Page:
My husband and I recently returned from a trip to Portugal with our seven month old daughter. We have gone on backpacking adventures all over the world, and were determined that having children was not going to keep us from continuing to travel.
I chose Portugal because we had enough points to fly to somewhere in Europe from Canada and since I am currently off work on maternity leave we wanted to go somewhere that would be relatively inexpensive once we arrived. We wanted some relaxation time and some time to explore the country. Portugal seemed to meet all these criteria.
I was thrilled to find out that the Portuguese love children and our daughter had a steady stream of women and even men stopping to pay her some attention. The little old ladies would cluck their tongues and rhyme off beautiful sounding sentences in Portuguese. One woman stopped to talk to us while we were waiting for a tram in Lisbon. She didn’t speak any English, and we didn’t speak Portuguese but we signed our way through a conversation. She insisted on giving us a euro which we believe she was telling us was for our little girl’s piggy bank. She wouldn’t take no for an answer. Our tram driver also kept clucking and smiling at her to the point that we started to worry that he wasn’t really watching the road.
I think many of our friends and family thought we were crazy to plan such a trip with such a small child, but I can now say that it is very possible and even quite enjoyable although it does require an adjustment to your usual travel style and some extra planning to ensure your child’s comfort. Here is my list of do’s and don’ts for traveling in Europe with an infant:
- Do book all accommodation ahead and ensure that they can provide a baby bed or cot that is in good condition. This saves you from having to drag one around with you.
- Do plan your flights during times that your baby would normally sleep. As long as your baby is not a light sleeper, he or she will probably still sleep on the airplane if it is during their normal sleeping hours.
- Do take several different types of carriers so that your baby doesn’t get bored of always being in their stroller (pram). We took a stroller, a backpack carrier and a sling carrier.
- Do take a stroller that is small in width but has good wheels. Many European brands meet these criteria because the sidewalks (if any) are narrow and the streets are often cobbled.
- Do rent your carseat with your rental car when possible. If your baby is under 1 year old or 22 pounds make sure they can provide an infant seat that is rear facing. If you are not planning to rent a car and feel you will need to take taxis to get around, you will have to take your own seat.
- Do book rooms that have kitchen facilities or at minimum a small fridge and kettle for heating and storing baby food.
- Do take a bar of sunlight soap to hand wash facecloths, bibs and receiving blankets. Pack enough of each for 2 days and always have one set drying while you are using the other set.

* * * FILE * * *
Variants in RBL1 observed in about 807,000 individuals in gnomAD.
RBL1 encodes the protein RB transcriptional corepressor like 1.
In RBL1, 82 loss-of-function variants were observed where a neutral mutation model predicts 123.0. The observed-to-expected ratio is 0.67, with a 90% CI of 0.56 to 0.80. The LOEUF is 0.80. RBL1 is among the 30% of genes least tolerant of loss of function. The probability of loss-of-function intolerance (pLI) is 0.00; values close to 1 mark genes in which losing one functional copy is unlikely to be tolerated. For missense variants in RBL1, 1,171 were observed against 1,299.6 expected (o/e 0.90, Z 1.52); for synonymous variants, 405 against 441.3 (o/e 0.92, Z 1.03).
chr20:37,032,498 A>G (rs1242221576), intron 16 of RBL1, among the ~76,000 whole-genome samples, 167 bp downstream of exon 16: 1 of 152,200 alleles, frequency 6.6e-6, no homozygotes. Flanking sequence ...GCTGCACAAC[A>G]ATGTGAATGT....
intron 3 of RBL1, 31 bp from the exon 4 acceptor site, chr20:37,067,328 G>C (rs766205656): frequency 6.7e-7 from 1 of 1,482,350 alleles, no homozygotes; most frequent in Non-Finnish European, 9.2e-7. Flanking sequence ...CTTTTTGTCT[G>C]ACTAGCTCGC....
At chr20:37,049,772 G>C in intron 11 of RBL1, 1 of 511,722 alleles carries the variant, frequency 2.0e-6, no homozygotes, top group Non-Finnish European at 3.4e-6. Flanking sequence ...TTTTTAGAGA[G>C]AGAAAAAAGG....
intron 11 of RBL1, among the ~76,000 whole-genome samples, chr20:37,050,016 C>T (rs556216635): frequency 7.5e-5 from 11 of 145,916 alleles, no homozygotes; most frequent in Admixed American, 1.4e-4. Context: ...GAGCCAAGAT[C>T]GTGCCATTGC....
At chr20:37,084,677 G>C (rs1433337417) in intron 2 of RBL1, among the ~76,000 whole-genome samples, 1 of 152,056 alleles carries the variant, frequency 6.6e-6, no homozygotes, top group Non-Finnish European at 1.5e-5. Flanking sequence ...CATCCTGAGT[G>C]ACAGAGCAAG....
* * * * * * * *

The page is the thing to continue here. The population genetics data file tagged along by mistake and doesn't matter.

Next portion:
- Do take travel size bottles of Purell (or similar water-free hand sanitizer), baby shampoo, diaper creams. If you run out, you can purchase more there and refill your mini-sizes for travelling.
- Do bring enough diapers for the first 2 days. This will get you through the plane ride and give you enough time to find some once you arrive. If you use cloth diapers, you will need to bring all your supplies.
- Do prepare for rain. Bring a rain shield for your stroller and rain jacket for yourself. Your baby will not enjoy being trapped in a hotel room all day and neither will you. You can still go out and enjoy the sights, some food and indoor activities if you have the proper gear.
1. Don’t worry about finding baby food. All pharmacies carry baby food jars and cereal as did the major supermarkets. Fresh fruit and vegetables were also readily available and even small stores carried baby cereal.
2. Don’t take too many toys. Babies can amuse themselves with just about anything you find along the way. Take just a few toys and books that you know are their favorites and keep your luggage light. If you have a baby that loves to bounce, a jolly jumper that you can hang in a doorway also packs up quite well.
3. Don’t plan as many activities as you usually would. When travelling with babies, cut your travel plans at least in half. When you factor in the extra time to feed, diaper and allow your baby to nap, you probably won’t be able to keep the same pace as you normally would. Plan lots of time to relax and take it slow. If you are expecting this, you won’t be disappointed while travelling.
I hope that other families will use these tips to have safe and happy travels with their children. I think that it was a wonderful experience, even for our baby that was only 7 months old. She was always engaged, laughing and interested in all of her new surroundings and although she won’t remember the trip, I hope she’ll enjoy looking at the pictures when she is older!
© Lisa Woodill and Storytime @ My Little Travel Bug, 2008. Unauthorized use and/or duplication of this material without express and written permission from this blog’s author and/or owner is strictly prohibited. Excerpts and links may be used, provided that full and clear credit is given to Lisa Woodill and Storytime @ My Little Travel Bug with appropriate and specific direction to the original content